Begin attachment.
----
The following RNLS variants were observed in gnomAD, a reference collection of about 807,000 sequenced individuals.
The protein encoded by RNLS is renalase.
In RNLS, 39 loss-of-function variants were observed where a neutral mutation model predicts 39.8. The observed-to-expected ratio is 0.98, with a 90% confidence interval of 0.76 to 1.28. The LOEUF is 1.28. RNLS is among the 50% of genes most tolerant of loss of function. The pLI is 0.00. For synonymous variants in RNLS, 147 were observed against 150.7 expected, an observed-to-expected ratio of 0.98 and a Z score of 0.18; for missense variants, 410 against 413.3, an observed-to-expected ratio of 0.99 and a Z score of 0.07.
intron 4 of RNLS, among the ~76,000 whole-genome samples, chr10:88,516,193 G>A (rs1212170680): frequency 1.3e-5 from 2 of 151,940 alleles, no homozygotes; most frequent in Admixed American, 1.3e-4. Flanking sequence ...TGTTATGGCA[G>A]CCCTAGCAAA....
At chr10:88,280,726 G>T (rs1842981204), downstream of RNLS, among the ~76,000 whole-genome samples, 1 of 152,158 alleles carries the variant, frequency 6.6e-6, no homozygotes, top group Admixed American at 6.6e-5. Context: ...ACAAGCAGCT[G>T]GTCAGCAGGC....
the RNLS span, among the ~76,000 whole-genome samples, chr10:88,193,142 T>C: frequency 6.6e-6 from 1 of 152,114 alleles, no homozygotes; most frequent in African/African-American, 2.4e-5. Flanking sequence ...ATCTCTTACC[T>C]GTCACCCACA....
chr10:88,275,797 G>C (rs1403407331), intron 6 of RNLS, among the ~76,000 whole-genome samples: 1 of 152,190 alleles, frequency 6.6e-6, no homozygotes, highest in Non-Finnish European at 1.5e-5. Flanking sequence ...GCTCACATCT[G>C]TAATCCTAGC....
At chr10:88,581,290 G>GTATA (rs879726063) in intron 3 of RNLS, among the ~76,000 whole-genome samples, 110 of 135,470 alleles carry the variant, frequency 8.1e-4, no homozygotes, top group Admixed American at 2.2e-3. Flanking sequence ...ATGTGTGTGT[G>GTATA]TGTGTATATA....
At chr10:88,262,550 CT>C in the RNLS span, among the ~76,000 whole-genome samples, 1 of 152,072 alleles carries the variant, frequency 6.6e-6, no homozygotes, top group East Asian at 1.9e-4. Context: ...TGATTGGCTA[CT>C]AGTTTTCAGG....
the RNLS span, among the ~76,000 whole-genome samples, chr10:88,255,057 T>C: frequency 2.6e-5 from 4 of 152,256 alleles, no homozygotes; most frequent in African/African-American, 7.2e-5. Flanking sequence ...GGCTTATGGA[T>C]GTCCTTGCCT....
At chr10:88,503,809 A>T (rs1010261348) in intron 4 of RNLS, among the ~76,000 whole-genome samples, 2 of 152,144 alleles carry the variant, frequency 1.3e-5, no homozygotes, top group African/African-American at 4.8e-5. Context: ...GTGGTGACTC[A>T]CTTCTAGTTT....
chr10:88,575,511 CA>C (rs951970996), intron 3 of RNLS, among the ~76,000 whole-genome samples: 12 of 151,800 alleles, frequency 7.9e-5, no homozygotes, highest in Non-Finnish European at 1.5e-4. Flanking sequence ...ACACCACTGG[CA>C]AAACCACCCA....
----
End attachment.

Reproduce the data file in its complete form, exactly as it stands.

The following RNLS variants were observed in gnomAD, a reference collection of about 807,000 sequenced individuals.
The protein encoded by RNLS is renalase.
In RNLS, 39 loss-of-function variants were observed where a neutral mutation model predicts 39.8. The observed-to-expected ratio is 0.98, with a 90% confidence interval of 0.76 to 1.28. The LOEUF is 1.28. RNLS is among the 50% of genes most tolerant of loss of function. The pLI is 0.00. For synonymous variants in RNLS, 147 were observed against 150.7 expected, an observed-to-expected ratio of 0.98 and a Z score of 0.18; for missense variants, 410 against 413.3, an observed-to-expected ratio of 0.99 and a Z score of 0.07.
intron 4 of RNLS, among the ~76,000 whole-genome samples, chr10:88,516,193 G>A (rs1212170680): frequency 1.3e-5 from 2 of 151,940 alleles, no homozygotes; most frequent in Admixed American, 1.3e-4. Flanking sequence ...TGTTATGGCA[G>A]CCCTAGCAAA....
At chr10:88,280,726 G>T (rs1842981204), downstream of RNLS, among the ~76,000 whole-genome samples, 1 of 152,158 alleles carries the variant, frequency 6.6e-6, no homozygotes, top group Admixed American at 6.6e-5. Context: ...ACAAGCAGCT[G>T]GTCAGCAGGC....
the RNLS span, among the ~76,000 whole-genome samples, chr10:88,193,142 T>C: frequency 6.6e-6 from 1 of 152,114 alleles, no homozygotes; most frequent in African/African-American, 2.4e-5. Flanking sequence ...ATCTCTTACC[T>C]GTCACCCACA....
chr10:88,275,797 G>C (rs1403407331), intron 6 of RNLS, among the ~76,000 whole-genome samples: 1 of 152,190 alleles, frequency 6.6e-6, no homozygotes, highest in Non-Finnish European at 1.5e-5. Flanking sequence ...GCTCACATCT[G>C]TAATCCTAGC....
At chr10:88,581,290 G>GTATA (rs879726063) in intron 3 of RNLS, among the ~76,000 whole-genome samples, 110 of 135,470 alleles carry the variant, frequency 8.1e-4, no homozygotes, top group Admixed American at 2.2e-3. Flanking sequence ...ATGTGTGTGT[G>GTATA]TGTGTATATA....
At chr10:88,262,550 CT>C in the RNLS span, among the ~76,000 whole-genome samples, 1 of 152,072 alleles carries the variant, frequency 6.6e-6, no homozygotes, top group East Asian at 1.9e-4. Context: ...TGATTGGCTA[CT>C]AGTTTTCAGG....
the RNLS span, among the ~76,000 whole-genome samples, chr10:88,255,057 T>C: frequency 2.6e-5 from 4 of 152,256 alleles, no homozygotes; most frequent in African/African-American, 7.2e-5. Flanking sequence ...GGCTTATGGA[T>C]GTCCTTGCCT....
At chr10:88,503,809 A>T (rs1010261348) in intron 4 of RNLS, among the ~76,000 whole-genome samples, 2 of 152,144 alleles carry the variant, frequency 1.3e-5, no homozygotes, top group African/African-American at 4.8e-5. Context: ...GTGGTGACTC[A>T]CTTCTAGTTT....
chr10:88,575,511 CA>C (rs951970996), intron 3 of RNLS, among the ~76,000 whole-genome samples: 12 of 151,800 alleles, frequency 7.9e-5, no homozygotes, highest in Non-Finnish European at 1.5e-4. Flanking sequence ...ACACCACTGG[CA>C]AAACCACCCA....